In John 6 Jesus makes the comparison between Himself and manna. The topic of bread is relevant because He had fed 5000 men (plus women and children) from just a few loaves and fish the previous day. Due to this miracle, the people followed Him.
In verse 27, Jesus redirects their thinking from “What can I get?” to “Who can I get?”.
But don’t be so concerned about perishable things like food. Spend your energy seeking the eternal life that the Son of Man can give you. For God the Father has given me the seal of his approval.” (John 6:27)
As the conversation continues, the thick-headed crowd (you know, like you and me) asks for yet another sign. They remind Jesus (oh, the irony) about the bread from Heaven, manna, provided to their ancestors in the desert. Jesus responds that the true bread of God is available to them right now.
34“Sir,” they said, “give us that bread every day.”
35Jesus replied, “I am the bread of life. Whoever comes to me will never be hungry again. (John 6:34-35)
Jesus teaches them that belief in Him is the only answer to their unceasing appetite. He offers the peace and joy and salvation that they (we) so desperately seek.
To gain some context for the manna reference, let’s return to the Israelites’ journey out of bondage in Egypt to freedom in Canaan. Because they needed to learn to trust God (you know, like you and me), this journey took 40 years rather than the couple of weeks it should have. [I think that 40 years was no accident. This represents a generation, a lifetime. I’m a middle-aged man still learning to trust.]
Let’s pick up the story of their passage through the desert in Numbers 11. They are not a happy group.
Soon the people began to complain about their hardship, and the LORD heard everything they said. (Numbers 11:1)
This verse caused me to pause. When did they complain? Soon. Who heard? God. How much? Everything. Lesson: be careful with your dissatisfaction. It’s probably not as bad as you think and the One who blessed you with what you do have hears your rant.
Onward. The grumbling continues in verse 4.
And the people of Israel also began to complain. “Oh, for some meat!” they exclaimed. 5“We remember the fish we used to eat for free in Egypt. And we had all the cucumbers, melons, leeks, onions, and garlic we wanted. 6But now our appetites are gone. All we ever see is this manna!” (Numbers 11:4-6)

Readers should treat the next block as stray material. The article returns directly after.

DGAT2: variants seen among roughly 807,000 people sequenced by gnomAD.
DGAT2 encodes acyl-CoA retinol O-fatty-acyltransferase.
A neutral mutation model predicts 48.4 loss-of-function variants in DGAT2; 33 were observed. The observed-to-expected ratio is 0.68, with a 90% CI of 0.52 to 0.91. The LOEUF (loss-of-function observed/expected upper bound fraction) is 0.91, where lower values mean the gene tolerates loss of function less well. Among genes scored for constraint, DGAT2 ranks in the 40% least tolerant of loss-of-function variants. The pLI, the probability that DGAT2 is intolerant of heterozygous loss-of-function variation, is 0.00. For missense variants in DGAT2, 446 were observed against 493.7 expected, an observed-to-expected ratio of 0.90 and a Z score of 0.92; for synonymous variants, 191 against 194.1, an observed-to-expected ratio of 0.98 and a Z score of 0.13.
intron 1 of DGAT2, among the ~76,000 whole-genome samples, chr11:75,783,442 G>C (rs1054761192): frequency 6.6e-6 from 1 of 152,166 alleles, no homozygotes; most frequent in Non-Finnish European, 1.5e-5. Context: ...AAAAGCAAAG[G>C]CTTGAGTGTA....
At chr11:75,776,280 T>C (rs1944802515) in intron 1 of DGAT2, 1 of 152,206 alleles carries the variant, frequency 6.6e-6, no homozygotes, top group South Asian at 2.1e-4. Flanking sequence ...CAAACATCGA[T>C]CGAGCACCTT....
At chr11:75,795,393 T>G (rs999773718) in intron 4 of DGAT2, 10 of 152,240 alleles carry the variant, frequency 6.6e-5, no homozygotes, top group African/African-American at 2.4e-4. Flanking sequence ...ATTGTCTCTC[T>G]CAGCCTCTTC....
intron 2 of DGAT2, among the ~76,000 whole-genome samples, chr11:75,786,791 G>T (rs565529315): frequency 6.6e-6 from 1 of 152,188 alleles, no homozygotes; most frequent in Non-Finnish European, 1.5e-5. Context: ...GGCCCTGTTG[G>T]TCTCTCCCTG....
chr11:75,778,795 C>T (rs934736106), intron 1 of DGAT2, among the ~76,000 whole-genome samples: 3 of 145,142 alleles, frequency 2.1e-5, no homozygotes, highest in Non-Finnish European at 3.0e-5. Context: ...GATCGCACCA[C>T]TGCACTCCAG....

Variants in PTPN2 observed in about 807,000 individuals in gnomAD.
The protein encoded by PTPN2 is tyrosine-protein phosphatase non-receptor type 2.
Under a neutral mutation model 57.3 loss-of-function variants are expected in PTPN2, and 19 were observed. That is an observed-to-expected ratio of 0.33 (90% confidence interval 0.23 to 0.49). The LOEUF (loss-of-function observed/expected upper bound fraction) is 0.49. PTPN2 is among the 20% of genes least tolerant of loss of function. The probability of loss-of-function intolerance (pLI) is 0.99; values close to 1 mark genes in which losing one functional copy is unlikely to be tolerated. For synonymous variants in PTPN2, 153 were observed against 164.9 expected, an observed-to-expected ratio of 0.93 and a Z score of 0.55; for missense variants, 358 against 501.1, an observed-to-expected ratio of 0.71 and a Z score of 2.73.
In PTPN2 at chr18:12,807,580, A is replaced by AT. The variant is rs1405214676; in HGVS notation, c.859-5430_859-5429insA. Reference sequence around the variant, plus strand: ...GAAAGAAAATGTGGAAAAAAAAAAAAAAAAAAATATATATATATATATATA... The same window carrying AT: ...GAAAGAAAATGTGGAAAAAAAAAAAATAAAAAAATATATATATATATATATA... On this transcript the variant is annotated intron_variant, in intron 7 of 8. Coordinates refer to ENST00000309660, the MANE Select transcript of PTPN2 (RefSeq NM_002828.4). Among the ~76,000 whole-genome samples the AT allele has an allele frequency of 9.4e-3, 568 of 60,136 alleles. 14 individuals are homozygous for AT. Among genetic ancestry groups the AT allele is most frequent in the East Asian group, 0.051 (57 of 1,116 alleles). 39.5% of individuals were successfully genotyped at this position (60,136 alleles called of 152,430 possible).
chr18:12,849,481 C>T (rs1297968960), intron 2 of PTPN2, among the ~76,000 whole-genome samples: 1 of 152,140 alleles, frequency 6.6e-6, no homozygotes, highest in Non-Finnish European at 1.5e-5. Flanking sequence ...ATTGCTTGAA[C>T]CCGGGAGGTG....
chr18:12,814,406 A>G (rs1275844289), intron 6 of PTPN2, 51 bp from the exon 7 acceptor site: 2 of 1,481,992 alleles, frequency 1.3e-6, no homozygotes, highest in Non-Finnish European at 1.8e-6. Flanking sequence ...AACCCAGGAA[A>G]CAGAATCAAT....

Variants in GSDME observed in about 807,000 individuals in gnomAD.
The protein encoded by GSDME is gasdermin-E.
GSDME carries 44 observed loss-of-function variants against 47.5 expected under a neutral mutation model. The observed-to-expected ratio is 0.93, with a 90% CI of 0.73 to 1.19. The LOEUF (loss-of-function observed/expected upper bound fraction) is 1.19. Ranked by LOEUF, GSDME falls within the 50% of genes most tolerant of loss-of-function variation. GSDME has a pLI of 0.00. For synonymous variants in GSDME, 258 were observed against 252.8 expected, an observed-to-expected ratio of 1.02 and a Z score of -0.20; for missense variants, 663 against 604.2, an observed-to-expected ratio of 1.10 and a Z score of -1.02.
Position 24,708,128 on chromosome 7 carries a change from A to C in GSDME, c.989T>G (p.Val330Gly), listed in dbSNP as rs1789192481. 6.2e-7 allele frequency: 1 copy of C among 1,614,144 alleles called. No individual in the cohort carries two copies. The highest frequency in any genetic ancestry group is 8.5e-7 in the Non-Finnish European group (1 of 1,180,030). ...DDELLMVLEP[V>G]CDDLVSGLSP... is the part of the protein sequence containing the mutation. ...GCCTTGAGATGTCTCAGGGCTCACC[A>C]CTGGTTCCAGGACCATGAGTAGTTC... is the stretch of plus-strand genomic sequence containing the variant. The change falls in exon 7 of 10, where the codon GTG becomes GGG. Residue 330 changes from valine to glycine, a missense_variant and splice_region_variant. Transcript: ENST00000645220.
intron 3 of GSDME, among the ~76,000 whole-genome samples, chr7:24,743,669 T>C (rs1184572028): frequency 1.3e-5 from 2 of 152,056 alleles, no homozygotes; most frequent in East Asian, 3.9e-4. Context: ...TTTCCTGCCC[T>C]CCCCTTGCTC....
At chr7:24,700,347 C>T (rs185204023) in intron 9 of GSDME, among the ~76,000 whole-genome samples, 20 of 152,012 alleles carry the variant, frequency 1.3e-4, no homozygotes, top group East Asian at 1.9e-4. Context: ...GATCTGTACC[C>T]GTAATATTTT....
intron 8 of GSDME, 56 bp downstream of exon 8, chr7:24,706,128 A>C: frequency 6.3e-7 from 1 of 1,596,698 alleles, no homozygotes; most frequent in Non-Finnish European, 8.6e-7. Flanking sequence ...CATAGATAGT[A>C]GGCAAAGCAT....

Manna appeared daily and the people collected what they needed for that day each morning. No more. No less. Do you see how this taught them to trust God? They did not provide. They collected. Daily. When Jesus called Himself the bread of life, He was teaching us to rely on Him in the same way. Daily. Your true needs are met through daily relationship and reliance on Him.
So what about the meat?
God was not pleased by their complaining and request for more. (How often do we request more? We exist in a culture defined by more.) Here’s how He answered. He gave them more meat than they could possibly eat, miles of quail stacked three feet deep (verse 11:31).
How did the people respond? They collected far more quail than they needed. The smallest amount collected was 50 bushels (verse 11:32)! This is a ridiculous amount of quail. To give you a comparison, a bushel is eight gallons. A bushel of tomatoes weighs 56 pounds .
What can we learn? If we put our focus on getting more of the things of this life (meat), it will never satisfy and will never be enough. If we instead put our energy into relationship with Jesus (manna), we will never hunger. We will be sustained and satisfied. Paul summarized this perfectly.
12 I know what it is to be in need, and I know what it is to have plenty. I have learned the secret of being content in any and every situation, whether well fed or hungry, whether living in plenty or in want. 13 I can do all this through him who gives me strength. (Philippians 4:12-13)
Gather today’s manna, friend, and leave the meat. Bread for life!